6. @cab: I hear you. DDA vs Farrell. JJ/Daly (Who skinned us)/Slade vs Kriel/Mapoe/JdJ/Venter.

    Will take something from these Boks even when they coached by the best. Rohan who is beautiful battled in D too.
    2017 it is boys!!

  7. U20 not a good measure, leaving aside the resources, we’ve lost most our talent by then. U18 a better measure, but the others still have more resources.

    SA don’t have the club systems or welfare system or sport sponsorship grants for young south Africans to risk a career in rugby. In SA unless you playing craven week, and got a wealthy ma and pa to rely on, most have to take the safe option and knuckle down for a job after leaving school, no cushy existence.

    But our biggest problem is the dunces that coach our national and super rugby teams. That is where precious Rand should be directed towards, not a 4-year contract plan for another dunce south African coach who is stuck back in currie cup, ou doos, style rugby. Look how the kiwis coaches have raised both Ireland and wales. Ireland are now beating the kiwis. We klapped Wales by a cricket score 96-1 or something before they got gatland.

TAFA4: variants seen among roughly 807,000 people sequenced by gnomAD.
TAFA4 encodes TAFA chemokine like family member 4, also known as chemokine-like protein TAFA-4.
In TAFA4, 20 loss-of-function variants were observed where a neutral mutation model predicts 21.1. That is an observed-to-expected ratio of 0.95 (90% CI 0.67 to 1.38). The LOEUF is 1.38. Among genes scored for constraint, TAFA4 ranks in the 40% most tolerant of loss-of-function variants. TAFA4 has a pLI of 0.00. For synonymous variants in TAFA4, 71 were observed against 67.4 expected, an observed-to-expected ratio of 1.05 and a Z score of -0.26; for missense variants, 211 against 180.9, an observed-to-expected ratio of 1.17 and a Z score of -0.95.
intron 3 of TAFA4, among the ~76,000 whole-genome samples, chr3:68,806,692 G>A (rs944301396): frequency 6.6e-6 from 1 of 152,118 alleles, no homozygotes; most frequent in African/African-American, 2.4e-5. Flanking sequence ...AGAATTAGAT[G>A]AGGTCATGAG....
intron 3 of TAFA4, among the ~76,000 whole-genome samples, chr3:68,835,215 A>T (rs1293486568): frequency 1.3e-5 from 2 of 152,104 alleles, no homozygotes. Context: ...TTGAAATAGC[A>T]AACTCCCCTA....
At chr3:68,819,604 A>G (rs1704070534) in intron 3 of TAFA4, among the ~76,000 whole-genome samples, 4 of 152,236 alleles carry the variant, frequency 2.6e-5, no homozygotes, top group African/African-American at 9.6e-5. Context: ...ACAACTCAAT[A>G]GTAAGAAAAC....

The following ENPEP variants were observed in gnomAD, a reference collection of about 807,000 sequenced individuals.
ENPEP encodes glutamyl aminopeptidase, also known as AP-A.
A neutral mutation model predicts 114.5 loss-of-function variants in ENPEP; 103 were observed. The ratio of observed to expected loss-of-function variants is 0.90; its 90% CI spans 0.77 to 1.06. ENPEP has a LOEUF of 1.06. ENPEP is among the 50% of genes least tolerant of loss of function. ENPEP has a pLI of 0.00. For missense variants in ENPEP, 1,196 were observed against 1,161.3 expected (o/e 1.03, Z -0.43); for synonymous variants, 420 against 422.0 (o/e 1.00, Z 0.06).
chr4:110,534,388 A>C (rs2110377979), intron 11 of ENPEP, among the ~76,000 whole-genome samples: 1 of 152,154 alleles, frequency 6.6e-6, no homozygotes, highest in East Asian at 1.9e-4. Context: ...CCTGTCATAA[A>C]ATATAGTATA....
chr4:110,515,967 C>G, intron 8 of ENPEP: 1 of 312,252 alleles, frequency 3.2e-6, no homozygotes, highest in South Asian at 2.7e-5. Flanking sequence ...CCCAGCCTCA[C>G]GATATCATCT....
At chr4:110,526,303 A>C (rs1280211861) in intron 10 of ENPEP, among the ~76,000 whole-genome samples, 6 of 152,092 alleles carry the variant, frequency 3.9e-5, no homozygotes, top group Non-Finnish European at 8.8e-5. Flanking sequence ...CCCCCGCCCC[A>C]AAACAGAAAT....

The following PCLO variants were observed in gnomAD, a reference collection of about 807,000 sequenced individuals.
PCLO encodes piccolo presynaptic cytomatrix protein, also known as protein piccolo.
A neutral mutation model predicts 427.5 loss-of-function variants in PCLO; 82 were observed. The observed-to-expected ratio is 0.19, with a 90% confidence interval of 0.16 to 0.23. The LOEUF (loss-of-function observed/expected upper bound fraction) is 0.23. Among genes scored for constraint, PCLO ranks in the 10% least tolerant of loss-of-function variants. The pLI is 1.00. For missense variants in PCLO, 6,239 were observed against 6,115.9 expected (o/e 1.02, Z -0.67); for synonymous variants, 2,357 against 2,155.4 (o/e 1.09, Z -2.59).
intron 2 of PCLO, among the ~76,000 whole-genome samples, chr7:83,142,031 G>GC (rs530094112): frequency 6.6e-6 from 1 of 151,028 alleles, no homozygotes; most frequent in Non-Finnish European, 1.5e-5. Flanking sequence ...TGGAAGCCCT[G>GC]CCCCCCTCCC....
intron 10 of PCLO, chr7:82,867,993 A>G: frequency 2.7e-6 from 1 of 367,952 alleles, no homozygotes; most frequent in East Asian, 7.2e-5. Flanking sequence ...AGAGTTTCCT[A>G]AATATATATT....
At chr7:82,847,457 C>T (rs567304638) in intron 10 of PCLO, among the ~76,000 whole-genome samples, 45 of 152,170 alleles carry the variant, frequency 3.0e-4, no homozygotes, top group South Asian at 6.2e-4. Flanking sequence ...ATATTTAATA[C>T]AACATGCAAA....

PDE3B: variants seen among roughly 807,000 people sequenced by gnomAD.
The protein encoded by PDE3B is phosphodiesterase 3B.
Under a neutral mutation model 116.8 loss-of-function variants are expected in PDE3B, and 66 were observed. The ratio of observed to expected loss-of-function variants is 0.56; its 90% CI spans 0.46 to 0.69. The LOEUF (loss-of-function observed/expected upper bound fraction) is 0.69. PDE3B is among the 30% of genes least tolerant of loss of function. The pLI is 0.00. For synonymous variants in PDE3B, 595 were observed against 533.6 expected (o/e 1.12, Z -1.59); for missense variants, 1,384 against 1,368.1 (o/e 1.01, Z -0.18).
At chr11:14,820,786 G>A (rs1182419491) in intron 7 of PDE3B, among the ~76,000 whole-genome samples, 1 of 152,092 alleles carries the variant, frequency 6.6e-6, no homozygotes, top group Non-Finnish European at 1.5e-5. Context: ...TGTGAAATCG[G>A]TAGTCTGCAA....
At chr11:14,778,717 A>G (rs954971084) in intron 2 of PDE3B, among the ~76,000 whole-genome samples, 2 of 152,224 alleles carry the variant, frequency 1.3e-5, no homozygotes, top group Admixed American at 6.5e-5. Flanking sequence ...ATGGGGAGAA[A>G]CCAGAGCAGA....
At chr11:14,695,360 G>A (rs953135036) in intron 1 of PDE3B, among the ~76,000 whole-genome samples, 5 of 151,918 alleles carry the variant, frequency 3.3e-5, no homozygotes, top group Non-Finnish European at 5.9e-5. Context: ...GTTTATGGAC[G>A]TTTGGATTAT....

8. @cab: u18 steps up to under 20. This step up has failed miserably for SA. Record is evident. From u20 you have players stepping up to Test level . Up until start of 2015 – only 10 % and less layers played CC and SR from the juniors. Teams basically recycled old players like bring JOe P by the Sharks or keeping the Matfields.

    Wales for their win over Boks are kak though. Ask any Welsh fan. Gats sucks and thats since 2015.

  9. @Benedict Chanakira: